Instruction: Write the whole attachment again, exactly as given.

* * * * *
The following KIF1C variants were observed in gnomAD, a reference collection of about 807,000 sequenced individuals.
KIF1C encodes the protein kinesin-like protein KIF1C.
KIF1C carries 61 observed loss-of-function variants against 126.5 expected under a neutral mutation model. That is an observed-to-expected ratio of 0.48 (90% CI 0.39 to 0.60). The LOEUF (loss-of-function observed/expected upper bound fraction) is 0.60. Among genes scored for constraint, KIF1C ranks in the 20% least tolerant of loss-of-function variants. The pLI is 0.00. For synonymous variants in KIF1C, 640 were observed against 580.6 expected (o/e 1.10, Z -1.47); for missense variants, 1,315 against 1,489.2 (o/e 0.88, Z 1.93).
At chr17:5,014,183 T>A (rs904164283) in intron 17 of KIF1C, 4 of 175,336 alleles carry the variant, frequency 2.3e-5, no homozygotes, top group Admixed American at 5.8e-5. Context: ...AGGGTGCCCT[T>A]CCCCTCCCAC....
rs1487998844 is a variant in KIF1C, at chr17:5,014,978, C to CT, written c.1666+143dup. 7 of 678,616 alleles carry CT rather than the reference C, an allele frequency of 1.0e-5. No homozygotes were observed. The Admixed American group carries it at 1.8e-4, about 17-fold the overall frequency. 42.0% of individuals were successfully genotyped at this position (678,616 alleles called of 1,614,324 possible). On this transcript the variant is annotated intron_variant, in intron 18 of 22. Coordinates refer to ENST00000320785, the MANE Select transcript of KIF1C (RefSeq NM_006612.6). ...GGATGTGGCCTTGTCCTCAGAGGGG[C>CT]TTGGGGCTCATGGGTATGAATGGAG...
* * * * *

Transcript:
The following KIF1C variants were observed in gnomAD, a reference collection of about 807,000 sequenced individuals.
KIF1C encodes the protein kinesin-like protein KIF1C.
KIF1C carries 61 observed loss-of-function variants against 126.5 expected under a neutral mutation model. That is an observed-to-expected ratio of 0.48 (90% CI 0.39 to 0.60). The LOEUF (loss-of-function observed/expected upper bound fraction) is 0.60. Among genes scored for constraint, KIF1C ranks in the 20% least tolerant of loss-of-function variants. The pLI is 0.00. For synonymous variants in KIF1C, 640 were observed against 580.6 expected (o/e 1.10, Z -1.47); for missense variants, 1,315 against 1,489.2 (o/e 0.88, Z 1.93).
At chr17:5,014,183 T>A (rs904164283) in intron 17 of KIF1C, 4 of 175,336 alleles carry the variant, frequency 2.3e-5, no homozygotes, top group Admixed American at 5.8e-5. Context: ...AGGGTGCCCT[T>A]CCCCTCCCAC....
rs1487998844 is a variant in KIF1C, at chr17:5,014,978, C to CT, written c.1666+143dup. 7 of 678,616 alleles carry CT rather than the reference C, an allele frequency of 1.0e-5. No homozygotes were observed. The Admixed American group carries it at 1.8e-4, about 17-fold the overall frequency. 42.0% of individuals were successfully genotyped at this position (678,616 alleles called of 1,614,324 possible). On this transcript the variant is annotated intron_variant, in intron 18 of 22. Coordinates refer to ENST00000320785, the MANE Select transcript of KIF1C (RefSeq NM_006612.6). ...GGATGTGGCCTTGTCCTCAGAGGGG[C>CT]TTGGGGCTCATGGGTATGAATGGAG...